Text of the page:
As student loans interest rates double Monday, the effects of a Congress wracked by partisan maneuvering will hit one more segment of the American population — student borrowers.
On July 1, student loans interest rates will shoot from 3.4 percent to 6.8 percent, in one of those rapidly approaching calamities where failure to compromise is placing Americans in the consequence crosshairs.
Like the larger fiscal cliff debate, politicians charge that the student loans interest rates calamity rapidly approaching is a result of party disconnect.
US News & World Report quotes Republican Rep. John Kline of Minnesota, chairman of the House Education and Workforce Committee, as blaming the student loans interest rates gridlock on Democrats:
Our students deserve better. We’re in this predicament because politicians put themselves in charge of setting interest rates, guaranteeing exactly this type of down-to-the-wire uncertainty for students and their families. What we need is a long-term solution that gets Washington out of the business of setting rates altogether.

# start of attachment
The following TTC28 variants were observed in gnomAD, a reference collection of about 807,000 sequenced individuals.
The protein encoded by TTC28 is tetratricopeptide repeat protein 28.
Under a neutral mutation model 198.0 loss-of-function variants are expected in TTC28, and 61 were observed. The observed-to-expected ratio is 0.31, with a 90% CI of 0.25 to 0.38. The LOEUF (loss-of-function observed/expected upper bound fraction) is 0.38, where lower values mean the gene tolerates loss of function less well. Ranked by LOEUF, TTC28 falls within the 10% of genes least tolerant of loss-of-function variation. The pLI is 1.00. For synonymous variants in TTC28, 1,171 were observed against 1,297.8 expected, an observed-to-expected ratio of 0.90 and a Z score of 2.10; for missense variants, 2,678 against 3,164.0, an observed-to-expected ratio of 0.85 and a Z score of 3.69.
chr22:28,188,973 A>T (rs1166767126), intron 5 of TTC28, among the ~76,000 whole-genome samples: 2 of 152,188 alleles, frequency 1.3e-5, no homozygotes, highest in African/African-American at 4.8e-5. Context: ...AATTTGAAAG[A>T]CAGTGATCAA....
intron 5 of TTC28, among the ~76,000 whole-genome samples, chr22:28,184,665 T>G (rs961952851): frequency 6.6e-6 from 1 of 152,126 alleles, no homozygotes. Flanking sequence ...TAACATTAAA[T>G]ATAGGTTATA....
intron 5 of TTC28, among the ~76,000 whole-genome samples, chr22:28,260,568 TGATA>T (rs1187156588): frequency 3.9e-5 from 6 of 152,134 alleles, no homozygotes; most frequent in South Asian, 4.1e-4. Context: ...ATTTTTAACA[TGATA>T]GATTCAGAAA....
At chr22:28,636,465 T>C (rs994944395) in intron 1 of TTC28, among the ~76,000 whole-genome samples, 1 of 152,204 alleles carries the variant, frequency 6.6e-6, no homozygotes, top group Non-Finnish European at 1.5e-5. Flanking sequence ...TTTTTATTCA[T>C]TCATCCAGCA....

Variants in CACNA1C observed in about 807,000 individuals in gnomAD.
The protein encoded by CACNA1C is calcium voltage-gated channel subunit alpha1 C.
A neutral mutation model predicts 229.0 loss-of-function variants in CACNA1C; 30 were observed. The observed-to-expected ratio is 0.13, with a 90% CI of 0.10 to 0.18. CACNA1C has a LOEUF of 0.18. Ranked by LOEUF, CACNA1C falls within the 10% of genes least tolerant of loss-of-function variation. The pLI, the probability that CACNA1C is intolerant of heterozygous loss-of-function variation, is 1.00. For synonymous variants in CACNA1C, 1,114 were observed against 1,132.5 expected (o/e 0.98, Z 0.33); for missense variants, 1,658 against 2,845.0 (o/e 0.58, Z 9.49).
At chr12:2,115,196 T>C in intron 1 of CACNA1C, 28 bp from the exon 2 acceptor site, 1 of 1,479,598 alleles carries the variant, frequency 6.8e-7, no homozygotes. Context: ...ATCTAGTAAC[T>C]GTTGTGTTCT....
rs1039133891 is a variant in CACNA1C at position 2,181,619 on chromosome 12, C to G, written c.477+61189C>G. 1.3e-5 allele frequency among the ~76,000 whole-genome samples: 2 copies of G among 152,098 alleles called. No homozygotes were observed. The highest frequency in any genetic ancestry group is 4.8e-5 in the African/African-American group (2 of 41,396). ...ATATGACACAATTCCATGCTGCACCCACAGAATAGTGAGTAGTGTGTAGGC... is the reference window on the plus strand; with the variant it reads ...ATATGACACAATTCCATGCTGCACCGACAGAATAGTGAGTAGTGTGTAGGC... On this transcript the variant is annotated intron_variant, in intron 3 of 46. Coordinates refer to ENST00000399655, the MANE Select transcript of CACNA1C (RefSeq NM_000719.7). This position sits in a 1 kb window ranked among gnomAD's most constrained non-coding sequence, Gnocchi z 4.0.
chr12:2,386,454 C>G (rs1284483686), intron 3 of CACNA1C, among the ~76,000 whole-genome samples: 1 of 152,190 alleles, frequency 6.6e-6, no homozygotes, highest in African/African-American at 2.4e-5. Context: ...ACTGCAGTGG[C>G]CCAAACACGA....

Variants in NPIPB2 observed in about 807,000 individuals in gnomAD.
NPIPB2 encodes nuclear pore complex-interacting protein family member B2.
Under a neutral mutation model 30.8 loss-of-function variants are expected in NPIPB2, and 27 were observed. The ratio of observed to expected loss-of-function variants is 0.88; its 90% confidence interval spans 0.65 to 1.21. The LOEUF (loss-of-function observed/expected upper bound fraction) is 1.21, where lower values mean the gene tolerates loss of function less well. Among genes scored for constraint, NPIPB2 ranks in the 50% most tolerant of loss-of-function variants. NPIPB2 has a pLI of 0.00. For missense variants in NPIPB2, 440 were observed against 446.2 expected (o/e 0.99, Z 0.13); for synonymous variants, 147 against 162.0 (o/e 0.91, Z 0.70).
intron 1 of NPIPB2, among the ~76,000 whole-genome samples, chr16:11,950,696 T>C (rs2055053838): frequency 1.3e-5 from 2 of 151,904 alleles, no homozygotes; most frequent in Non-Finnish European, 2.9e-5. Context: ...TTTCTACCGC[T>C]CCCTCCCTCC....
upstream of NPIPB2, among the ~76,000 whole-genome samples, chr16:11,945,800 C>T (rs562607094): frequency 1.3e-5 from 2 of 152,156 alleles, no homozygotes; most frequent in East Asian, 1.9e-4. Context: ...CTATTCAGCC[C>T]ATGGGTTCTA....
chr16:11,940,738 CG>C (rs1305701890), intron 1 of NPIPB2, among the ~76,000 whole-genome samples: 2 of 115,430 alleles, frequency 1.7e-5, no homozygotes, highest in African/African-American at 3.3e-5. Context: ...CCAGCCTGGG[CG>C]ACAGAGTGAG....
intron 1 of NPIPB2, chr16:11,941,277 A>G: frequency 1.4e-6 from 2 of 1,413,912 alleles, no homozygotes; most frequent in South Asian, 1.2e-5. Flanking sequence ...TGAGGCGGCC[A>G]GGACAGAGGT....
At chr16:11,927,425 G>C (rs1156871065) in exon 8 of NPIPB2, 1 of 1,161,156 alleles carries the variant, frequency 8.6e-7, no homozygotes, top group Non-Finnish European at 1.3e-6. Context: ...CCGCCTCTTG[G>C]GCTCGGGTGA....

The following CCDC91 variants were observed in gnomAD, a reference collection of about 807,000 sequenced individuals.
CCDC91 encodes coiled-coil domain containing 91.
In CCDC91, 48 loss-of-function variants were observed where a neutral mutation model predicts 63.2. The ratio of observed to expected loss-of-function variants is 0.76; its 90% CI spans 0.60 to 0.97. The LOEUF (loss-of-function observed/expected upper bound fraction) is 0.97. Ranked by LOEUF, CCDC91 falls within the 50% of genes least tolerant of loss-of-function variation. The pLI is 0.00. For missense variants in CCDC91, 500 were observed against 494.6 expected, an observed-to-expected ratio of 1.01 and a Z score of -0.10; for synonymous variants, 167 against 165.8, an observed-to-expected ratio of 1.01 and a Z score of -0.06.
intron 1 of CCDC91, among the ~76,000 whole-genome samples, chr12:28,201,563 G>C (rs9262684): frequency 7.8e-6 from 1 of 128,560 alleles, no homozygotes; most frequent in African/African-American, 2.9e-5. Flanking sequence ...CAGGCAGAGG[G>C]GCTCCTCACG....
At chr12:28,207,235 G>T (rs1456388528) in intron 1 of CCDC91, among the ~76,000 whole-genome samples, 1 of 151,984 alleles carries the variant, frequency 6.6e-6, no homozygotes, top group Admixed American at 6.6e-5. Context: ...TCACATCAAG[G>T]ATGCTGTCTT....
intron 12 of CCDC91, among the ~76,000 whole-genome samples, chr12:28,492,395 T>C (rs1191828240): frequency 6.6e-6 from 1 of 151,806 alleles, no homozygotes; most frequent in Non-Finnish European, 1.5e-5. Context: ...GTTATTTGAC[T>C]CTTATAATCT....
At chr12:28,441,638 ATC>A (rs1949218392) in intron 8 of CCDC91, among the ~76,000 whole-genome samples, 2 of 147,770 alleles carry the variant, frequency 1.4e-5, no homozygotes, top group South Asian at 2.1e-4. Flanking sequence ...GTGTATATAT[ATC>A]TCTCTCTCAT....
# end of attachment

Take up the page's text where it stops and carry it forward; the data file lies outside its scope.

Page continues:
As Washington wrangles over student loans interest rates with no solution in sight, students are worried that even higher payments will force many of them into a bad spot after graduation.
The economy remains in a slow recovery and college grads face a harder go of it than ever before — and University of Maryland business major Nella Lipton says the idea of heading into a soft job market is a huge worry:
” … it’s kind of sad because you hear about everybody defaulting on their loans when they graduate, but I’m just hoping that with my major, I’ll be able to get a job … They’re sort of putting the burden on a younger generation, and once we are old enough to vote and once we’re part of the economy and we … default on our loans, it’s going to be a big issue, and they’re going to regret it.”
Will you be affected by Monday’s student loans interest rates hike?